AntiWar.com is a web project with a generally libertarian, isolationist and non-interventionist policy, challenging the assumption that antiwar activity is inherently of the Left. It began as opposition to U.S. involvement in the Balkans under the Clinton Administration, and subsequently to Haiti and Kosovo and bombings of Sudan and Afghanistan. "The founders of Antiwar.com were active in the Libertarian Party during the 1970s; in 1983, we founded the Libertarian Republican Organizing Committee to work as a libertarian caucus within the GOP. Today, we are seeking to challenge the traditional politics of 'Left' and 'Right.'" The domain name was registered in 1995. 
"Our opposition to war is rooted in Randolph Bourne's concept that "War is the health of the State." With every war, America has made a "great leap" into statism, and as Bourne emphasized, "it is during war that one best understands the nature of that institution [the State]." At its core, that nature includes an ever increasing threat to individual liberty and the centralization of political power." AntiWar.com also describes itself as "Forged in the experience of the first Balkan war, Antiwar.com has become the Internet newspaper of record for a growing international movement, the central locus of opposition to a new imperialism that masks its ambitions in the rhetoric of "human rights," "humanitarianism," "freedom from terror," and "global democracy." The totalitarian liberals and social democrats of the West have unilaterally and arrogantly abolished national sovereignty and openly seek to overthrow all who would oppose their bid for global hegemony. They have made enemies of the patriots of all countries, and it is time for those enemies to unite – or perish alone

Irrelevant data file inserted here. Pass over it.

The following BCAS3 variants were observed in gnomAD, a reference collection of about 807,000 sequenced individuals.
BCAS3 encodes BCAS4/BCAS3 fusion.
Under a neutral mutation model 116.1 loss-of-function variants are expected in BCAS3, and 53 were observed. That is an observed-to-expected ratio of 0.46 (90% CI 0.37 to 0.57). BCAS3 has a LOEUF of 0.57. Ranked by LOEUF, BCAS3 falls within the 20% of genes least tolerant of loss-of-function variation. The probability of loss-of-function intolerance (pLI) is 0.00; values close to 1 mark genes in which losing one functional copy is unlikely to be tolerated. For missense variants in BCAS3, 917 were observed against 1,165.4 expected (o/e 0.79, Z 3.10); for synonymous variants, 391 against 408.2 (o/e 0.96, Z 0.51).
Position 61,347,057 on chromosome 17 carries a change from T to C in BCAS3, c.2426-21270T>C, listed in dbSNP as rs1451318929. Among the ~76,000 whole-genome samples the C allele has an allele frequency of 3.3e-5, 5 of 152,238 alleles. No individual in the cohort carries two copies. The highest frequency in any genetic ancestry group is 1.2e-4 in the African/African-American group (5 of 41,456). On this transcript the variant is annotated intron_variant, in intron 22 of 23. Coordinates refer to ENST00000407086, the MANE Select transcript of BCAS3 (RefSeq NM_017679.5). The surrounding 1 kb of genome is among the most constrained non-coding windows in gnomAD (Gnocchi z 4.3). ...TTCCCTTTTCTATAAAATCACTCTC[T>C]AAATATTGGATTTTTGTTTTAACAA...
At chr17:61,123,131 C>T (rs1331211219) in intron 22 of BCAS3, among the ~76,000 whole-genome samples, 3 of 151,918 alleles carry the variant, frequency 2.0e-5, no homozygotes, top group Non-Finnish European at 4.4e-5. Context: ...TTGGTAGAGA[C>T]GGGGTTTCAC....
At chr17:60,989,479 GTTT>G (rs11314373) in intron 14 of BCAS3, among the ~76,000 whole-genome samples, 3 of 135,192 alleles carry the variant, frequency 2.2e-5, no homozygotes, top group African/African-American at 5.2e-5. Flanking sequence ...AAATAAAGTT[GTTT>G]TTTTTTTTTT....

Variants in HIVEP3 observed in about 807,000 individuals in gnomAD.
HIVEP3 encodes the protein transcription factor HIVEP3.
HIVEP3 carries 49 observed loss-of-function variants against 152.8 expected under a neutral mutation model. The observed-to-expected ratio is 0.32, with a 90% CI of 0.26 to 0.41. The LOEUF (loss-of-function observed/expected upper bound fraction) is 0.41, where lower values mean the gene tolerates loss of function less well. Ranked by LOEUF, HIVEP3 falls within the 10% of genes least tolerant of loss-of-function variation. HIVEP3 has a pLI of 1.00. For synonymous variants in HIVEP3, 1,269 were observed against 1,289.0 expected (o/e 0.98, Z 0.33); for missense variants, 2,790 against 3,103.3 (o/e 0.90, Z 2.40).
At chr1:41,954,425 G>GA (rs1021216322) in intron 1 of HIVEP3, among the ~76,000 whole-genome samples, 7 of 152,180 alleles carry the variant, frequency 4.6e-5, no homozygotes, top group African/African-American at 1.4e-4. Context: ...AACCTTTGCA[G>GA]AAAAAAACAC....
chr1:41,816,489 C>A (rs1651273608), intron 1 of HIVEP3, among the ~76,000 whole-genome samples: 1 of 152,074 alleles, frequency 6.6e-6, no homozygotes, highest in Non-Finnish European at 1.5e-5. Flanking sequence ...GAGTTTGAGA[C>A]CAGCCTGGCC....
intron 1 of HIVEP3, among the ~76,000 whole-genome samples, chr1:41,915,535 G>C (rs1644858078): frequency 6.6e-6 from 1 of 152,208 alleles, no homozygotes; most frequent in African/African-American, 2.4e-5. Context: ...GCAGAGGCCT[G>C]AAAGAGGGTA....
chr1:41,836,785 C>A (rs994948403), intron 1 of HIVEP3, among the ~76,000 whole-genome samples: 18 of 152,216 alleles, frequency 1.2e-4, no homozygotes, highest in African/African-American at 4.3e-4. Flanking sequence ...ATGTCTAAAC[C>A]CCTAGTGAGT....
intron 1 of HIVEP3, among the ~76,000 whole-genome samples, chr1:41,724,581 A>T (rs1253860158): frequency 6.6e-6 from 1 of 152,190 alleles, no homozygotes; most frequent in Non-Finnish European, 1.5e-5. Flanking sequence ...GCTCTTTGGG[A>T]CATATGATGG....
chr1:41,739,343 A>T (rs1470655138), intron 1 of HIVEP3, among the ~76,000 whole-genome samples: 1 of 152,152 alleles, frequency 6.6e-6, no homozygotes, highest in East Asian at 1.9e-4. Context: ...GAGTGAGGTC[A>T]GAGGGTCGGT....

"Antiwar.com represents the truly pro-America side of the foreign policy debate. With our focus on a less centralized government and freedom at home, we consider ourselves the real American patriots. "America first!" regards the traditions of a republican government and non-interventionism as paramount to freedom – a concept that helped forge the foundation of this nation."
In America at the Crossroads: Democracy, Power, and the Neoconservative Legacy, Francis Fukuyama describes aspects of such a position as Jacksonian American nationalism. He sees it as one of several doctrines, including neoconservatism, that will fuse into a new synthesis of foreign policy. In the "Frequently Asked Questions" section of the AntiWar.com website, one exchange includes:
- Q: Why do I see editorials from Patrick Buchanan next to a leftist columnist?
- A:An site that labels itself "Your best source for antiwar news, viewpoint and activities" must cover all antiwar issues. This includes those from the Right and the Left and thus explains the interesting dichotomy of ideologies that presents itself on many occasions.
Indeed, editorials may come from people identified at very different ends of ideology, who agree on a specific aspect of foreign policy but not an overall political view.